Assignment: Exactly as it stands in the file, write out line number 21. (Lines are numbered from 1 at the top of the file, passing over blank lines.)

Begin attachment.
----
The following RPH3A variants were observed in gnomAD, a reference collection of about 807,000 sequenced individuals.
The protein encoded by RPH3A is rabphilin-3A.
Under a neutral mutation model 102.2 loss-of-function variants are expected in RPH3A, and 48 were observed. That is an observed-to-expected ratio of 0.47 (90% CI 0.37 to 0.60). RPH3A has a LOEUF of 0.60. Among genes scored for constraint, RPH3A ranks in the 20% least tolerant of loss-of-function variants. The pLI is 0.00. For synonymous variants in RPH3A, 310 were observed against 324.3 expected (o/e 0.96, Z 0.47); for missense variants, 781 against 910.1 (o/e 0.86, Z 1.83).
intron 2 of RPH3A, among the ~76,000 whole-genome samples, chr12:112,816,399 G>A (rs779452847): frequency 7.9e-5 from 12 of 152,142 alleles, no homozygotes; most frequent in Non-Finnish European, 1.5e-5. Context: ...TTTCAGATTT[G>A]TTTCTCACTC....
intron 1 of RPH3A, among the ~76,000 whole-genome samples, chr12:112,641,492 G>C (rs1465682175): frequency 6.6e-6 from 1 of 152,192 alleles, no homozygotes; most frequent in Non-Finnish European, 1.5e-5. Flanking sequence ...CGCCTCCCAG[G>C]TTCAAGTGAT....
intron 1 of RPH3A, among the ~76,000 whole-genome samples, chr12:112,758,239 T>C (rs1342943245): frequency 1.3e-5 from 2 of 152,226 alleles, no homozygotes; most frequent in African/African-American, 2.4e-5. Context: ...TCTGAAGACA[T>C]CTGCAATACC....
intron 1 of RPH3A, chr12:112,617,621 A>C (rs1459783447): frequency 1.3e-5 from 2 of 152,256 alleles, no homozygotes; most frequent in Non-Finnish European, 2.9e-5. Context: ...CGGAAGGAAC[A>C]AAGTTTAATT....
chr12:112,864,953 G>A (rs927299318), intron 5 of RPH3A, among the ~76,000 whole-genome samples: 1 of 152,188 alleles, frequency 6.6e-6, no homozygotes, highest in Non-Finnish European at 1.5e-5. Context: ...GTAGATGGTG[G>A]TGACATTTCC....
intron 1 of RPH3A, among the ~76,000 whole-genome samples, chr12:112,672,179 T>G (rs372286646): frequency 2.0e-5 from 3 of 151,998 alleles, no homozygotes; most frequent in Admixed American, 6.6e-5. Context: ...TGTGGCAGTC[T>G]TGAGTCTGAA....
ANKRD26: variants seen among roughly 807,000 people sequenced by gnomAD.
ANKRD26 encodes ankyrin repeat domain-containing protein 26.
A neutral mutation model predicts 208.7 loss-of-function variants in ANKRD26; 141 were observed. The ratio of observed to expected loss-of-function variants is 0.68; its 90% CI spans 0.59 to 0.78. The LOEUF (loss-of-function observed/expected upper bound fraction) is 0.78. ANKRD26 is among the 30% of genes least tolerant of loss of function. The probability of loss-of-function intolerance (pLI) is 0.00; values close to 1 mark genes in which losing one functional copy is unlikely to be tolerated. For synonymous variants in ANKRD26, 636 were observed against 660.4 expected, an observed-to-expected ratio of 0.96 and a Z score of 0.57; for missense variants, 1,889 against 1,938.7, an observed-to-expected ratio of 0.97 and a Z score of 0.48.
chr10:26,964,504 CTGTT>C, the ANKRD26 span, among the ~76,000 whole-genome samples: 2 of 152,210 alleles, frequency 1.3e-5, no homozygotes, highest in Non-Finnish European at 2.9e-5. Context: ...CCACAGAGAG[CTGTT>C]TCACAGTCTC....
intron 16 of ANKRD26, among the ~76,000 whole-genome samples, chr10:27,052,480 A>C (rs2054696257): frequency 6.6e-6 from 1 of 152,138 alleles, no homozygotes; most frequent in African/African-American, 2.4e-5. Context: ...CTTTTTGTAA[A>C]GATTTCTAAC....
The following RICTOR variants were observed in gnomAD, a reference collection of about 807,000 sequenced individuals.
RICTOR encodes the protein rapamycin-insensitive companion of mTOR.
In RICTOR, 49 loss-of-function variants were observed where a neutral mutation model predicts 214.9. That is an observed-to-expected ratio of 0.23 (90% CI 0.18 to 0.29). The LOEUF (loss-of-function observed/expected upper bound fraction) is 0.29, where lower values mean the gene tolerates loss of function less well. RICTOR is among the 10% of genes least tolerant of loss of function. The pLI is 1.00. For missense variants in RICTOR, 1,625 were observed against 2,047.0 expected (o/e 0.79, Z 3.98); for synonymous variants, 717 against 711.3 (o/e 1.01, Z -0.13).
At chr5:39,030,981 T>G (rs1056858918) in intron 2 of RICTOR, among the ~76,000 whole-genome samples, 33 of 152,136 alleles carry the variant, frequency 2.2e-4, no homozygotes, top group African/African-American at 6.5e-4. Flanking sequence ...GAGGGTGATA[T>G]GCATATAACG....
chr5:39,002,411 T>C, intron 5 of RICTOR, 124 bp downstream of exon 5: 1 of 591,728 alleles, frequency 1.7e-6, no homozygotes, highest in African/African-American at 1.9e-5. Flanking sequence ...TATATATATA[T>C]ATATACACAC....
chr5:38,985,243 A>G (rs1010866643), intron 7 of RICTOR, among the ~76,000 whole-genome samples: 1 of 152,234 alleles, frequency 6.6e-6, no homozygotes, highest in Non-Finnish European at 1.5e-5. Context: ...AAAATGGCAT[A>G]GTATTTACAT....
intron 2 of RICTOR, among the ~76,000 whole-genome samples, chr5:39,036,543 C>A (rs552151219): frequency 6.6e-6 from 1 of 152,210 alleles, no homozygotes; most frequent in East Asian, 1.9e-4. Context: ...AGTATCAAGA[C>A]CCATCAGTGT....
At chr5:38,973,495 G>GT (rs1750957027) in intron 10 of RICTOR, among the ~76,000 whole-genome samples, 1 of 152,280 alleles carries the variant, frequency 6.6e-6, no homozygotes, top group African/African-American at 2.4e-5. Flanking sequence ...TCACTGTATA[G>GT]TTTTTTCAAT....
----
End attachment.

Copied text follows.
intron 2 of RICTOR, among the ~76,000 whole-genome samples, chr5:39,036,543 C>A (rs552151219): frequency 6.6e-6 from 1 of 152,210 alleles, no homozygotes; most frequent in East Asian, 1.9e-4. Context: ...AGTATCAAGA[C>A]CCATCAGTGT....